Legal Ethics Corner

Ethics Corner is designed to present ethical issues that practitioners might well face on a daily basis. It is a service of the Legal Ethics Committee of the San Diego County Bar Association for SDCBA members.

Ninth Circuit Holds There Is No “Selective Waiver” of the Attorney-Client Privilege Under Federal Law

In Pacific Pictures Corp. v. United States District Court, 2012 U.S. App. LEXIS 7643 (9th Cir. Cal. Apr. 17, 2012), the Ninth Circuit Court of Appeals concluded that voluntary compliance with a government subpoena constituted a waiver of the attorney-client privilege under federal law. 

The waiver occurred as a result of an attorney inviting an F.B.I. investigation into the theft of privileged documents, and then producing those materials without objection to the F.B.I. in response to a grand jury subpoena.  Contemporaneously, the opposing party in related litigation sought to obtain the documents produced to the F.B.I. through discovery.

The attorney opposed the discovery by asserting the theory of “selective waiver” adopted (only) by the Eighth Circuit.  In declining to accept selective waiver based upon a disclosure to the government, the Ninth Circuit noted that such a policy would not serve the public good underpinning the attorney-client privilege.  That is, encouraging a client’s candor to counsel to facilitate legal representation.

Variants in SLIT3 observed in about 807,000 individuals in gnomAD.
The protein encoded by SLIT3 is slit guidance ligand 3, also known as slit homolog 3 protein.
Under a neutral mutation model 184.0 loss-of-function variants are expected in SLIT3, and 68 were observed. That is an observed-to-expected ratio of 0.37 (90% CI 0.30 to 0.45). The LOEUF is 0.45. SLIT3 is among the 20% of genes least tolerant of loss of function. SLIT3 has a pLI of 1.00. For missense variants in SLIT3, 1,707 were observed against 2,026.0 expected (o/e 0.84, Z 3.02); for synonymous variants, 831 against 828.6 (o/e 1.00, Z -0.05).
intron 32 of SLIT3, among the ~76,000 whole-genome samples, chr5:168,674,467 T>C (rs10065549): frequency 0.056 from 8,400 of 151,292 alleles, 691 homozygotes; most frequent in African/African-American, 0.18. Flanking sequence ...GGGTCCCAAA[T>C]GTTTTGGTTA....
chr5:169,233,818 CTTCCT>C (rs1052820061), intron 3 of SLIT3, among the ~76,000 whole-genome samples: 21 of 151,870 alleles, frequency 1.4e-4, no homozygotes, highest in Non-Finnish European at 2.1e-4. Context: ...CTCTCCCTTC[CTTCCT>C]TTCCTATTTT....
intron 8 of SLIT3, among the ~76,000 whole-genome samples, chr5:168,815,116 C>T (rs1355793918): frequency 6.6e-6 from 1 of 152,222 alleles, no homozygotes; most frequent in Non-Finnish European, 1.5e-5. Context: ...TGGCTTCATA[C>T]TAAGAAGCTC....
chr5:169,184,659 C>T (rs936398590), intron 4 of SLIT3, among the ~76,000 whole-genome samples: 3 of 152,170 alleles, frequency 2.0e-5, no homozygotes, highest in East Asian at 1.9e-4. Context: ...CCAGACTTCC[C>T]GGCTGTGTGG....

The Court of Appeals acknowledged it could create a privilege to encourage cooperation with the government in order to promote adherence to the law, but deferred to Congress on this issue after noting prior unsuccessful legislative efforts.

The Court also took exception to a purported confidentiality agreement which the disclosing attorney entered into with the F.B.I.  It found no compelling reason to conclude that post hoc contracts regarding how information may be revealed will encourage a frank conversation at the time legal advice is rendered.

Similarly, the Court rejected arguments based upon the theft of the documents creating a “common interest” between attorney and government.  An effort to analogize a “joint defense” privilege proved unavailing since the attorney did not disclose information to the government in furtherance of a joint strategy in accordance with some form of agreement—whether written or unwritten.

-- Eric R. Deitz

**No portion of this summary is intended to constitute legal advice. Be sure to perform independent research and analysis. Any views expressed are those of the author only and not of the SDCBA or its Legal Ethics Committee.**